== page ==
As predicted, house sales fell in July – in line with the end of the most generous government Stamp Duty Holiday offering.
And the slump was pretty big. Only 82,110 properties swapped owners in July, compared to 213,370 the previous month.
The figure, produced by HM Revenue and Customs this week, shows a dip of 62%. It was 1.8% higher than in July last year but then, at the time, buyers, sellers and estate agents were still struggling with the lockdown demands of the pandemic.
Property analysts are predicting a rise in sales again in September – just in time for the end of the government’s current Stamp Duty tax-free saving on the first £250,000 of a property in England and Northern Ireland. Albeit, this isn’t expected to be as large as the surge in July.
Stamp Duty holiday like ‘opening a window’
But the market is still expected to continue to tick over post-October and beyond in the absence of the Stamp Duty Holiday – thanks to the pandemic effect forcing many individuals to rethink their lifestyles. As Sarah Coles, property analysts at Hargreaves Lansdown, so succinctly put it:
[The Stamp Duty Holiday] didn’t create demand from nowhere. There was already a crowd of people ready to buy because of changes in how we wanted to live, and pent-up demand from the closure of the market during the first lockdown. The tax break just opened a window … through which this crowd of people tried to squeeze.”
The London property rollercoaster
Meanwhile, a Zoople analysis showed that on 15 locations where demand for property was falling, 10 of these were in London. Looking at the period April 5 to July 25, it discovered that in the capital’s SW and E postcodes, demand fell by more than a quarter (26.5%) compared to the previous four months.
Demand for property in areas such as Shoreditch and the City is poor, with many people continuing to work from home for the foreseeable future.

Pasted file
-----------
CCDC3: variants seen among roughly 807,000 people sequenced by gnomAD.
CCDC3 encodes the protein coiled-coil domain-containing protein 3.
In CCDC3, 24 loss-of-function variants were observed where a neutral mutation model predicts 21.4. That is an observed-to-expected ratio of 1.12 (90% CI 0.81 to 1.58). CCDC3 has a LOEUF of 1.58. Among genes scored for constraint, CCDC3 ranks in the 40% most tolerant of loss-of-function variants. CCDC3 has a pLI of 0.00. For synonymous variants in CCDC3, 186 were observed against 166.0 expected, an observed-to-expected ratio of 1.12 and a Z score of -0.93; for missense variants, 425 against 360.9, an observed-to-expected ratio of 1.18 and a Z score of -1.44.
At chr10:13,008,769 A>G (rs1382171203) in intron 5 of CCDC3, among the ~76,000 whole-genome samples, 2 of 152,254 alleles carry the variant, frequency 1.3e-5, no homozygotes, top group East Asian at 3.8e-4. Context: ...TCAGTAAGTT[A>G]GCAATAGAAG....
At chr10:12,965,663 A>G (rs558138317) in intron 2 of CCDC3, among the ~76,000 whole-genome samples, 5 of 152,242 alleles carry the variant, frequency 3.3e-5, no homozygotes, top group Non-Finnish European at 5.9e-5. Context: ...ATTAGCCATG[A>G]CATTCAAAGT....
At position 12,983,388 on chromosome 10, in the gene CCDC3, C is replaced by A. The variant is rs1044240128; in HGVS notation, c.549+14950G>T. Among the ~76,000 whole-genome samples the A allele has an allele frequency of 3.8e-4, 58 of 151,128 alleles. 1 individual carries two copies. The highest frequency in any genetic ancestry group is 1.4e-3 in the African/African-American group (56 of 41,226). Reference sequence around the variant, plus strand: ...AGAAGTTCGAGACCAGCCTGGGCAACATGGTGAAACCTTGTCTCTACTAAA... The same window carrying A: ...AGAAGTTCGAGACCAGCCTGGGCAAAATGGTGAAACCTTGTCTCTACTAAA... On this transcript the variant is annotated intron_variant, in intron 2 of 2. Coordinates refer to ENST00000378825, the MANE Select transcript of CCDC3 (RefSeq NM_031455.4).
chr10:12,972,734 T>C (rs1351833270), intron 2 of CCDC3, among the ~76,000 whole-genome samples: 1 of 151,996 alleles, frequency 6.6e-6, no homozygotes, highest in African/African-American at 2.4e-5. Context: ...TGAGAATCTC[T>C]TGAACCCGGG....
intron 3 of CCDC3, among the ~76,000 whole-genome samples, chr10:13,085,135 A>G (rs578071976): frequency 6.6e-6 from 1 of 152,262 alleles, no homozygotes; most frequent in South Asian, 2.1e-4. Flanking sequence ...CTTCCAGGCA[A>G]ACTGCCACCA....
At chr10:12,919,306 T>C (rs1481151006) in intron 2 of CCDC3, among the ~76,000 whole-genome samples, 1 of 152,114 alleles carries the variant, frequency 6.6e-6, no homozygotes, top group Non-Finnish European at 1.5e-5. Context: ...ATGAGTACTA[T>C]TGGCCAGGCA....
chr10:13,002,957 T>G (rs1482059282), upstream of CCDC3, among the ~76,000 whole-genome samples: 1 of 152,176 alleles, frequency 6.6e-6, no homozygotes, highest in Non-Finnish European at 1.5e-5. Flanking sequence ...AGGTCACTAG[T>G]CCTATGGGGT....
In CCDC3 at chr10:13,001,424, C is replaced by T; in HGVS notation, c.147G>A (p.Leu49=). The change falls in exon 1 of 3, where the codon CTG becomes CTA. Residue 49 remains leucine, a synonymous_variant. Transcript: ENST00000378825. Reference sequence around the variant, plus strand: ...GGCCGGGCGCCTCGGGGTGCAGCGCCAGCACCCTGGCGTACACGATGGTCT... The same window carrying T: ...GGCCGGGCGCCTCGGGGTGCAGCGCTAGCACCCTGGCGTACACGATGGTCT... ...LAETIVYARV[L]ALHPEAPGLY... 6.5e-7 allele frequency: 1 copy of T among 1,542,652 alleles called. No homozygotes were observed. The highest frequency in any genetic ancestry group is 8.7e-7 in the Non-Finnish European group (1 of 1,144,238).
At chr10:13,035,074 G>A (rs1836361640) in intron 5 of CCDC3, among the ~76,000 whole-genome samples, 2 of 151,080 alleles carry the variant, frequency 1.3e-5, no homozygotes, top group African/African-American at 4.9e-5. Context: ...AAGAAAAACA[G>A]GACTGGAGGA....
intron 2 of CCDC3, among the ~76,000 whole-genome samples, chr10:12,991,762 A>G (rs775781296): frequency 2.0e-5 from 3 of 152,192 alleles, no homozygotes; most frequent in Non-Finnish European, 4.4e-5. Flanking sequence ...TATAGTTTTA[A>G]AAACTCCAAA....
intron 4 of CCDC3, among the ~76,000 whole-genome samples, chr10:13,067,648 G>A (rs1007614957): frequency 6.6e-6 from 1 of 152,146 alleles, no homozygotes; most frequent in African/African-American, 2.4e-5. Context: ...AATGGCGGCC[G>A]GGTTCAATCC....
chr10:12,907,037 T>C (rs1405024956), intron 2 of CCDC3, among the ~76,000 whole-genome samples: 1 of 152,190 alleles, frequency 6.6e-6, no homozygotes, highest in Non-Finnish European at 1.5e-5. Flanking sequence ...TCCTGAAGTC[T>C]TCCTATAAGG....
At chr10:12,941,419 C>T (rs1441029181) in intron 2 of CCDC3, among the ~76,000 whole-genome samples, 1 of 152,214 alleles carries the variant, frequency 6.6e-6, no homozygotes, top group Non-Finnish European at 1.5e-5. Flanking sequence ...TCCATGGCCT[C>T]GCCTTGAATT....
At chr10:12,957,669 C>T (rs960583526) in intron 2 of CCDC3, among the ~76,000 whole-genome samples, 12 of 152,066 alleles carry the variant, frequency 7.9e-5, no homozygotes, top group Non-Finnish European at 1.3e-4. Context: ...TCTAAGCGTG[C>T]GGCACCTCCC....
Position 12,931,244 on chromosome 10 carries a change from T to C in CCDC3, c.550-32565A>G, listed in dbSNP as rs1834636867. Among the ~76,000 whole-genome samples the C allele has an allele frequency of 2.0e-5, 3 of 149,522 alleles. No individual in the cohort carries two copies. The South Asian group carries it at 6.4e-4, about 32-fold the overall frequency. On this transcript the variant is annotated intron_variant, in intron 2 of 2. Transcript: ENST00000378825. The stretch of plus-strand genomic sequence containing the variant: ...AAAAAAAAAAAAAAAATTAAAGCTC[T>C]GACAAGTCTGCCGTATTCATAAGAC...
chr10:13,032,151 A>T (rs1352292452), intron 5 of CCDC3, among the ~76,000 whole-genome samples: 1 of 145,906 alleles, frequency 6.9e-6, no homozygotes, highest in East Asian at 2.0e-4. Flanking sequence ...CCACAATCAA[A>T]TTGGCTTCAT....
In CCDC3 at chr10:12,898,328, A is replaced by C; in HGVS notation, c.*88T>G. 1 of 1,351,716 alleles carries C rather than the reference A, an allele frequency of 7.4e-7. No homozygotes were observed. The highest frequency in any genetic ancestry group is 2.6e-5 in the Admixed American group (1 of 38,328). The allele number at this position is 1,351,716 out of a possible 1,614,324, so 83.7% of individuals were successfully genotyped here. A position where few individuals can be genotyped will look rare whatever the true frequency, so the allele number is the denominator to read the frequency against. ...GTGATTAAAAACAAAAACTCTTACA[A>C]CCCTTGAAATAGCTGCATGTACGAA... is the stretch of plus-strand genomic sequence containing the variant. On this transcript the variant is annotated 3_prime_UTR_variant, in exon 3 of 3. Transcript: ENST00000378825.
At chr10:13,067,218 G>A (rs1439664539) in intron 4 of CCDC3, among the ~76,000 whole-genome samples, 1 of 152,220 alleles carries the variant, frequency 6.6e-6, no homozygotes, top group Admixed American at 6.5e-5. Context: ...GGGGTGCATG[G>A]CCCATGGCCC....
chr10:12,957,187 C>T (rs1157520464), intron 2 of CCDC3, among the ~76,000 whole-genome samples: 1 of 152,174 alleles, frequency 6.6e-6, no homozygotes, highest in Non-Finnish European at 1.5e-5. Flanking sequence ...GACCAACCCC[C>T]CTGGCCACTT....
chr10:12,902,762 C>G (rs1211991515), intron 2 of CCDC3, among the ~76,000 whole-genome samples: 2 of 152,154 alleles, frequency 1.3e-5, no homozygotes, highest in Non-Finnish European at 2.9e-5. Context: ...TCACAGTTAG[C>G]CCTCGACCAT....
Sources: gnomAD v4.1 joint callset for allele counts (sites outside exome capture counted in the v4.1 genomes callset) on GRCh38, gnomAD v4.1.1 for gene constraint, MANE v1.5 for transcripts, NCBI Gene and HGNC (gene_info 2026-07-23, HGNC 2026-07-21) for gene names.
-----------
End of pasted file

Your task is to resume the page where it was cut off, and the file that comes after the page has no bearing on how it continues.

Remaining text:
In other areas of London there is problems with cladding – lenders aren’t willing to give mortgages unless buyers present an EWS1 external wall safety certificate.
But there is good news for luxury inner London homes in the likes of Mayfair and Knightsbridge, thanks to the return of international buyers looking for a second home in the capital.
North East has biggest drop in demand
In Newcastle upon Tyne and Cleveland and Teesside, demand fell by 18.7% and 18.5% respectively. However, some locations in the North East enjoyed a 15% rise to June so figures were normalising. And, although demand in Darlington fell 27.1%, it was still historically high – 53% above the average in the same period in 2019.
Cities suffering slump in rental prices
When it comes to lettings, rental prices are rising fastest in the north east and south west. Both due to demand and supplies issues. Outside London, tenants are now paying 3% more for a rental, bringing the average cost to £780 per month. Zoopla’s Rental Market Report also shows it’s taking 16 days per property to rent out.
In the capital rents have fallen by 9.9% year-on-year, making it one of more affordable times to move there. In Leeds monthly rental prices have fallen by 0.7%. In Manchester they’re down 1.1% in Manchester, while landlords in Edinburgh are receiving 3.2% less than in 2019.